EMDR in the treatment of traumas and attachment disorders


EMDR (eye movement desensitization and reprocessing) is a psychotherapeutic approach that consists of eight phases with a set of specific procedures focused on the associative spontaneous processing of the traumatic memories and with a component of bilateral stimulation (ocular, auditory and tactile movements). The theoretical frame is the adaptive information processing (AIP). It raises the existence of a physiological system of learning that allows the brain to process the information of the experiences, to integrate them in an adaptive way to memory networks, and it constitutes the basis of our thoughts, emotions, attitudes and conducts.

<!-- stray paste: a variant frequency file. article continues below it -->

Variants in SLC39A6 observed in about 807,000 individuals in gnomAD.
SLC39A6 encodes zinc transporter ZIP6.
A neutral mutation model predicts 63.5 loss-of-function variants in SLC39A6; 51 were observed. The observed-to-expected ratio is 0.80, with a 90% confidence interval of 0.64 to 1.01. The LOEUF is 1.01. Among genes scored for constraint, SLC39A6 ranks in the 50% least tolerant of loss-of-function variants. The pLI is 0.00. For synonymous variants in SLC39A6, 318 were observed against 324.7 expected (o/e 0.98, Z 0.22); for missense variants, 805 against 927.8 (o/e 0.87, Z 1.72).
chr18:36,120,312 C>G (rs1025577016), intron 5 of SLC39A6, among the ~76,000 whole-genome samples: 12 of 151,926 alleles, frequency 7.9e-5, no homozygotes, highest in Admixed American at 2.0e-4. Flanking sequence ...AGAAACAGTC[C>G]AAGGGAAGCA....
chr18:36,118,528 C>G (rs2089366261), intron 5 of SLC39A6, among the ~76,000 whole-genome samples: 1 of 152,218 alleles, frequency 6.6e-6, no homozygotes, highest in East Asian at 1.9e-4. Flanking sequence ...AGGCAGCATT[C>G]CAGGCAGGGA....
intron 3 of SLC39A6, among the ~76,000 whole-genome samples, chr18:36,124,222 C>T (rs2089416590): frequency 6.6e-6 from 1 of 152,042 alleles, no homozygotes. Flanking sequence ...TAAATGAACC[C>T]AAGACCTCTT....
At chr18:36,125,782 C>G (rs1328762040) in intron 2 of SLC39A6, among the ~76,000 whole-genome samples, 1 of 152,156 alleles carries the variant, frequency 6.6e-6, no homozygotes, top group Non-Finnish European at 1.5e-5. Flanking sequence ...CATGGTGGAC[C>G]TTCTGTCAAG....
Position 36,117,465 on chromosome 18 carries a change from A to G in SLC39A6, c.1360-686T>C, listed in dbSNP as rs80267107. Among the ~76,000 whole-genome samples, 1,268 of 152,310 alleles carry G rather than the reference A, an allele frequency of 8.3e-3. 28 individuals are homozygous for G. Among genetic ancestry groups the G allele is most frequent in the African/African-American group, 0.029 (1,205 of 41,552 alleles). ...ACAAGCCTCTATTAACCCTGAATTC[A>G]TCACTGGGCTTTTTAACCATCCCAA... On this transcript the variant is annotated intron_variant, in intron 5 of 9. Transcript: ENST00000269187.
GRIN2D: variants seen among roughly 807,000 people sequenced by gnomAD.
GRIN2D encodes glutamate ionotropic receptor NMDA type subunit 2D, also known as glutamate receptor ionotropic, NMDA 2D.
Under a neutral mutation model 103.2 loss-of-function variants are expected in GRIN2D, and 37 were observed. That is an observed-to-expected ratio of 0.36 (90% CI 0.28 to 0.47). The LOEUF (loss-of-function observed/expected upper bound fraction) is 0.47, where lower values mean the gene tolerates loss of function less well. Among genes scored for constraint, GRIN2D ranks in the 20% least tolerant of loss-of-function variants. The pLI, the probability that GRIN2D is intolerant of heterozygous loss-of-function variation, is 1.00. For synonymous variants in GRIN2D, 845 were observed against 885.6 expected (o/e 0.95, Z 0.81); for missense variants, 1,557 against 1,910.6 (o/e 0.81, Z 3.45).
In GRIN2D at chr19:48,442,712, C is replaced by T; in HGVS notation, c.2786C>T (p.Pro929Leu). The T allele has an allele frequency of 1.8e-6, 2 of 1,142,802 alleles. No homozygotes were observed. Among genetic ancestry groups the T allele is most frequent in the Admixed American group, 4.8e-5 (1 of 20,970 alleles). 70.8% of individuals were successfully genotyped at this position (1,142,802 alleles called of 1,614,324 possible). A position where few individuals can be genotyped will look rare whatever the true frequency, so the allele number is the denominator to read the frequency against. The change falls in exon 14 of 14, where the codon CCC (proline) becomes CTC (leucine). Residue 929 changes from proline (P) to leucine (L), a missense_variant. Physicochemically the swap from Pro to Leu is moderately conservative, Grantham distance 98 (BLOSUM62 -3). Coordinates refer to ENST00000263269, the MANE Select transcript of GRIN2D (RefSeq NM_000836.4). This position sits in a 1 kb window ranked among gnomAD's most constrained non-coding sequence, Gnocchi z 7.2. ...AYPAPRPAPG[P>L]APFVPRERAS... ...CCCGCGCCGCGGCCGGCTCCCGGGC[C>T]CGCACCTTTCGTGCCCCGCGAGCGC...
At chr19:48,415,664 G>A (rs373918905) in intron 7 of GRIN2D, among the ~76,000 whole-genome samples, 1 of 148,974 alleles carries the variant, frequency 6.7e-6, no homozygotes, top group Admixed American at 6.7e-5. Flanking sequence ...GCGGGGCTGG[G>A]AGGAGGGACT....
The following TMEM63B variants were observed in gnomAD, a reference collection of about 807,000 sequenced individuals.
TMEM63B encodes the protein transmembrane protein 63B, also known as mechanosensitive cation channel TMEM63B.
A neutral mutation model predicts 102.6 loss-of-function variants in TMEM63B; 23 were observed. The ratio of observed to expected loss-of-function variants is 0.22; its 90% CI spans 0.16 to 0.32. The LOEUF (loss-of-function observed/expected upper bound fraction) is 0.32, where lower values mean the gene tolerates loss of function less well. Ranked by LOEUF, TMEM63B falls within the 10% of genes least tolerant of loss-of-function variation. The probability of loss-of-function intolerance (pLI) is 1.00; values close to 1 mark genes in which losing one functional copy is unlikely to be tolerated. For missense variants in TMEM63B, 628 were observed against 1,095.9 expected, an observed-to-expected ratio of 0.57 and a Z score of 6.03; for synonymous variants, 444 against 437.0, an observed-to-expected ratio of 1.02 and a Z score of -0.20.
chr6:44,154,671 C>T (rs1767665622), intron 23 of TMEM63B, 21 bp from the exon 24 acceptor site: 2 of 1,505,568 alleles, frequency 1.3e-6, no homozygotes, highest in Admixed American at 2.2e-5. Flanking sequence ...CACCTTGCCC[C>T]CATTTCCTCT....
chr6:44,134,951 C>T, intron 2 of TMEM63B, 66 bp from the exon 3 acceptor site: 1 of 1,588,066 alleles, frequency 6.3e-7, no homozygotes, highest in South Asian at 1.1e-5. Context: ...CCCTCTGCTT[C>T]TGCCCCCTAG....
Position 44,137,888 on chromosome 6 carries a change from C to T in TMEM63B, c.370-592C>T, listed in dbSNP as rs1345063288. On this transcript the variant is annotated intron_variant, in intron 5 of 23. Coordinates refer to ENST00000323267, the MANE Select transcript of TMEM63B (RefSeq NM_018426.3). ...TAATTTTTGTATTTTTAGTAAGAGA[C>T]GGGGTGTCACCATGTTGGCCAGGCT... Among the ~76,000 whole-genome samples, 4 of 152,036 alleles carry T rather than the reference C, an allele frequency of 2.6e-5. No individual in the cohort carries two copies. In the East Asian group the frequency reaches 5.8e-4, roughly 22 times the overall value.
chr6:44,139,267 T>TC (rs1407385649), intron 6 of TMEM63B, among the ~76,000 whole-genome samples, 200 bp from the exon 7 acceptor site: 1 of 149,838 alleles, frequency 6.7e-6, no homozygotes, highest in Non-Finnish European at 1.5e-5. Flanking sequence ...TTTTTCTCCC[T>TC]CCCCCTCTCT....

At the beginning it was applied in the treatment of the post-traumatic stress disorder, but further developments extended its use, and the treatment of the traumas and attachment disorders gained importance.

EMDR, Adaptive Information Processing, bilateral stimulation, PTSD, traumas and attachment disorders

Walter Lupo
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